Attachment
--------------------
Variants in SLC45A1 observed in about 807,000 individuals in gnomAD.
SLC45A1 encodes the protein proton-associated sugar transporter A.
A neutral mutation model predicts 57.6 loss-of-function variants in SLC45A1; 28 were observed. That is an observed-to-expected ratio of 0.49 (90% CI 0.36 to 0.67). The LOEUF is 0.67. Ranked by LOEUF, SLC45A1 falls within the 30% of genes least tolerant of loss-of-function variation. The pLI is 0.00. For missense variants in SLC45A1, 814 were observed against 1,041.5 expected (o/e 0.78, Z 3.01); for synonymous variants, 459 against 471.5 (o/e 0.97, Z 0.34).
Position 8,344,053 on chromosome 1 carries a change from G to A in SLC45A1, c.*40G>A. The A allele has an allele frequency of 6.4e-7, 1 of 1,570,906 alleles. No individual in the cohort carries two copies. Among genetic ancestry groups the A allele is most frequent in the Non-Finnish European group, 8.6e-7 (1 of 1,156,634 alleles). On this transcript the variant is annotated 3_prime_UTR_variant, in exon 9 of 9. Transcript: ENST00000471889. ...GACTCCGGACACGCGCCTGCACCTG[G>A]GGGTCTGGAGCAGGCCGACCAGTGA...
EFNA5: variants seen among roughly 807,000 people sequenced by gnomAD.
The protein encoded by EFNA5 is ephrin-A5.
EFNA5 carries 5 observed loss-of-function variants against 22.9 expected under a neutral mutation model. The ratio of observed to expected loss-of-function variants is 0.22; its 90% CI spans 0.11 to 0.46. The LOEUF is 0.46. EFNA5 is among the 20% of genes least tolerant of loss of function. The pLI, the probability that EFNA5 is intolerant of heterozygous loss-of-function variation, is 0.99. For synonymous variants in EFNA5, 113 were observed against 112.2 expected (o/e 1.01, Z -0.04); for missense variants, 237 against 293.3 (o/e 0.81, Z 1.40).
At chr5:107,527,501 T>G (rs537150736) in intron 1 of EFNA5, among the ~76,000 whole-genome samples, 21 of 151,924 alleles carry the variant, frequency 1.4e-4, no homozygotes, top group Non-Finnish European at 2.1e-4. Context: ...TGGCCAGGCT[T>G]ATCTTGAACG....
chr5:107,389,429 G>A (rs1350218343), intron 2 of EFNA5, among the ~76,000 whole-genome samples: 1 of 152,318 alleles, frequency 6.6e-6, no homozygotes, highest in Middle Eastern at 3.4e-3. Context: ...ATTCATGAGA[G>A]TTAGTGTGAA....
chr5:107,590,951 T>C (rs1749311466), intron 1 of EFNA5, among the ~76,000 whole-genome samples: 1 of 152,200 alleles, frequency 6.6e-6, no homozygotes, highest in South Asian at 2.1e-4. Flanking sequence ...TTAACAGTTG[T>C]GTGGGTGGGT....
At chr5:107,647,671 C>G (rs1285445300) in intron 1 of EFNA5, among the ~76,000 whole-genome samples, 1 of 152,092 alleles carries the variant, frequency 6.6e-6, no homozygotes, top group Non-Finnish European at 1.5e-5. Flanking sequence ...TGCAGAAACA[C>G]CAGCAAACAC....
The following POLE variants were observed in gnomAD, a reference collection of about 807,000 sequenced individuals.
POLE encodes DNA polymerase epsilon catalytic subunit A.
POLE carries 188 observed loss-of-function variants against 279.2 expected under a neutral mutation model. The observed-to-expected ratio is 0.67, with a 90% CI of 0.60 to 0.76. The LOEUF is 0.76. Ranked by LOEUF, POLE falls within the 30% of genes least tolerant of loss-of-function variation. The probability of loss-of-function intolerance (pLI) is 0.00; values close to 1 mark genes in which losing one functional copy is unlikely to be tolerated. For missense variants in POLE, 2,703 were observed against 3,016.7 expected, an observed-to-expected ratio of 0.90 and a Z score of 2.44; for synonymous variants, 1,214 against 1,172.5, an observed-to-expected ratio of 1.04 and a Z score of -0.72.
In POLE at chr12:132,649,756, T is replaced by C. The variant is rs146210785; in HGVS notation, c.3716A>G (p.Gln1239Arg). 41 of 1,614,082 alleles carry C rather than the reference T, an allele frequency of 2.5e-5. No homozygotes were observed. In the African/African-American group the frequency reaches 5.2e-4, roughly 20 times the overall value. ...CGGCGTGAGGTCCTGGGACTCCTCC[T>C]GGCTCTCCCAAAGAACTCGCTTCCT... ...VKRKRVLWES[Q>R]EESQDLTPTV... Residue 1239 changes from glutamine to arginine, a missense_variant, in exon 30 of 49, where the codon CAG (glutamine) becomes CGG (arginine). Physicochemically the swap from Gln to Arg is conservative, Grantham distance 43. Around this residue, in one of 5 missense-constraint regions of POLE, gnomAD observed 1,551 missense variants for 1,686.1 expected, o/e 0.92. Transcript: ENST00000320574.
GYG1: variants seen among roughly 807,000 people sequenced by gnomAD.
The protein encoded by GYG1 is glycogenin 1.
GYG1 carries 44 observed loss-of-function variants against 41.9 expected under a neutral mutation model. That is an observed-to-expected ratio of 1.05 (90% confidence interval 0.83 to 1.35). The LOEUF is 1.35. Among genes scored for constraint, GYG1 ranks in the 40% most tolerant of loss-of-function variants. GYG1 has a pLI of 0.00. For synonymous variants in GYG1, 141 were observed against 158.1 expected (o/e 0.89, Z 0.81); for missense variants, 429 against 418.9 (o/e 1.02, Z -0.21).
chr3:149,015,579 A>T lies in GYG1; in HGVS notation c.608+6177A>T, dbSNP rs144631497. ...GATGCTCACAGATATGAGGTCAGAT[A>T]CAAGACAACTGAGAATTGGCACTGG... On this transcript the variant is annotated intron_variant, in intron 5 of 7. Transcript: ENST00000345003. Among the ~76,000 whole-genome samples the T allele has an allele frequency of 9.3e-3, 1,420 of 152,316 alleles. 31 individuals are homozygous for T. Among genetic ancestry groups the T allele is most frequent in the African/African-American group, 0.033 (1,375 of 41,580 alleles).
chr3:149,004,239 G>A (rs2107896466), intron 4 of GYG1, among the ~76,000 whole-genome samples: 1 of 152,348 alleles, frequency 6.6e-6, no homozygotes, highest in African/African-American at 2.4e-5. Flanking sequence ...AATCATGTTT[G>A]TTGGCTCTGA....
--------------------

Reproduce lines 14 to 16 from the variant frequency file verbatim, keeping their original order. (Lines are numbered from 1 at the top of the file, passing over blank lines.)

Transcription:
POLE carries 188 observed loss-of-function variants against 279.2 expected under a neutral mutation model. The observed-to-expected ratio is 0.67, with a 90% CI of 0.60 to 0.76. The LOEUF is 0.76. Ranked by LOEUF, POLE falls within the 30% of genes least tolerant of loss-of-function variation. The probability of loss-of-function intolerance (pLI) is 0.00; values close to 1 mark genes in which losing one functional copy is unlikely to be tolerated. For missense variants in POLE, 2,703 were observed against 3,016.7 expected, an observed-to-expected ratio of 0.90 and a Z score of 2.44; for synonymous variants, 1,214 against 1,172.5, an observed-to-expected ratio of 1.04 and a Z score of -0.72.
In POLE at chr12:132,649,756, T is replaced by C. The variant is rs146210785; in HGVS notation, c.3716A>G (p.Gln1239Arg). 41 of 1,614,082 alleles carry C rather than the reference T, an allele frequency of 2.5e-5. No homozygotes were observed. In the African/African-American group the frequency reaches 5.2e-4, roughly 20 times the overall value. ...CGGCGTGAGGTCCTGGGACTCCTCC[T>C]GGCTCTCCCAAAGAACTCGCTTCCT... ...VKRKRVLWES[Q>R]EESQDLTPTV... Residue 1239 changes from glutamine to arginine, a missense_variant, in exon 30 of 49, where the codon CAG (glutamine) becomes CGG (arginine). Physicochemically the swap from Gln to Arg is conservative, Grantham distance 43. Around this residue, in one of 5 missense-constraint regions of POLE, gnomAD observed 1,551 missense variants for 1,686.1 expected, o/e 0.92. Transcript: ENST00000320574.
GYG1: variants seen among roughly 807,000 people sequenced by gnomAD.